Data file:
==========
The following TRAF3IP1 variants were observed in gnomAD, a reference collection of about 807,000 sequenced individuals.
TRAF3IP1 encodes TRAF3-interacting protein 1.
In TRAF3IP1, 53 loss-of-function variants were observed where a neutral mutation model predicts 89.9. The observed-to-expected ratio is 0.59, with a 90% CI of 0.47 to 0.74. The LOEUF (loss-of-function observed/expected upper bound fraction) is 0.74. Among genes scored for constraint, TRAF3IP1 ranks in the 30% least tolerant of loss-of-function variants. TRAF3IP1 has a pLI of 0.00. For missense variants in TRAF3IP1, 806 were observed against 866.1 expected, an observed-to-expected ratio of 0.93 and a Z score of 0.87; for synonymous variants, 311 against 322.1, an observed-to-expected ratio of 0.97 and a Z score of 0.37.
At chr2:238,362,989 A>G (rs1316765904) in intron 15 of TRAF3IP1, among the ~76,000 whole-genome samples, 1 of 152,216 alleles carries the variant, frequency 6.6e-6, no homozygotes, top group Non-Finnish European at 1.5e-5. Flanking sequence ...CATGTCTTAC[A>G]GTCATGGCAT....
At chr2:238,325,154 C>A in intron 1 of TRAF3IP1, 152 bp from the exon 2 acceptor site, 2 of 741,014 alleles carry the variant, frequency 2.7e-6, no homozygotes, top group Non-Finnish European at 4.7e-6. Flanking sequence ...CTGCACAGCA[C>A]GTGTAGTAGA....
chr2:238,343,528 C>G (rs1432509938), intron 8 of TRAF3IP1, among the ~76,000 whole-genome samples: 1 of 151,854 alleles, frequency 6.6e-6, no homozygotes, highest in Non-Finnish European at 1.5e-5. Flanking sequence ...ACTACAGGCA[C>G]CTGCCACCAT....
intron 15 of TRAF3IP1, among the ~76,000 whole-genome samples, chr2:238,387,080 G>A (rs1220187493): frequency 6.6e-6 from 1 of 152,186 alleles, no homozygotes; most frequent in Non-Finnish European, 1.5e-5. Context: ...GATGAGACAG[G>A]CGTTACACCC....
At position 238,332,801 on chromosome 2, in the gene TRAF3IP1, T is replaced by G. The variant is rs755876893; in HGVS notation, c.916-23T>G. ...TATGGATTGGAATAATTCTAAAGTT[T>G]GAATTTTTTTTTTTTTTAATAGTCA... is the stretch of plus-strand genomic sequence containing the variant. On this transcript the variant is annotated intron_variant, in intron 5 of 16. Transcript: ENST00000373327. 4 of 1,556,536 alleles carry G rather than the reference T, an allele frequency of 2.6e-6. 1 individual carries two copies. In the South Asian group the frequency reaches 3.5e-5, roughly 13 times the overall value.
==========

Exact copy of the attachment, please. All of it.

The following TRAF3IP1 variants were observed in gnomAD, a reference collection of about 807,000 sequenced individuals.
TRAF3IP1 encodes TRAF3-interacting protein 1.
In TRAF3IP1, 53 loss-of-function variants were observed where a neutral mutation model predicts 89.9. The observed-to-expected ratio is 0.59, with a 90% CI of 0.47 to 0.74. The LOEUF (loss-of-function observed/expected upper bound fraction) is 0.74. Among genes scored for constraint, TRAF3IP1 ranks in the 30% least tolerant of loss-of-function variants. TRAF3IP1 has a pLI of 0.00. For missense variants in TRAF3IP1, 806 were observed against 866.1 expected, an observed-to-expected ratio of 0.93 and a Z score of 0.87; for synonymous variants, 311 against 322.1, an observed-to-expected ratio of 0.97 and a Z score of 0.37.
At chr2:238,362,989 A>G (rs1316765904) in intron 15 of TRAF3IP1, among the ~76,000 whole-genome samples, 1 of 152,216 alleles carries the variant, frequency 6.6e-6, no homozygotes, top group Non-Finnish European at 1.5e-5. Flanking sequence ...CATGTCTTAC[A>G]GTCATGGCAT....
At chr2:238,325,154 C>A in intron 1 of TRAF3IP1, 152 bp from the exon 2 acceptor site, 2 of 741,014 alleles carry the variant, frequency 2.7e-6, no homozygotes, top group Non-Finnish European at 4.7e-6. Flanking sequence ...CTGCACAGCA[C>A]GTGTAGTAGA....
chr2:238,343,528 C>G (rs1432509938), intron 8 of TRAF3IP1, among the ~76,000 whole-genome samples: 1 of 151,854 alleles, frequency 6.6e-6, no homozygotes, highest in Non-Finnish European at 1.5e-5. Flanking sequence ...ACTACAGGCA[C>G]CTGCCACCAT....
intron 15 of TRAF3IP1, among the ~76,000 whole-genome samples, chr2:238,387,080 G>A (rs1220187493): frequency 6.6e-6 from 1 of 152,186 alleles, no homozygotes; most frequent in Non-Finnish European, 1.5e-5. Context: ...GATGAGACAG[G>A]CGTTACACCC....
At position 238,332,801 on chromosome 2, in the gene TRAF3IP1, T is replaced by G. The variant is rs755876893; in HGVS notation, c.916-23T>G. ...TATGGATTGGAATAATTCTAAAGTT[T>G]GAATTTTTTTTTTTTTTAATAGTCA... is the stretch of plus-strand genomic sequence containing the variant. On this transcript the variant is annotated intron_variant, in intron 5 of 16. Transcript: ENST00000373327. 4 of 1,556,536 alleles carry G rather than the reference T, an allele frequency of 2.6e-6. 1 individual carries two copies. In the South Asian group the frequency reaches 3.5e-5, roughly 13 times the overall value.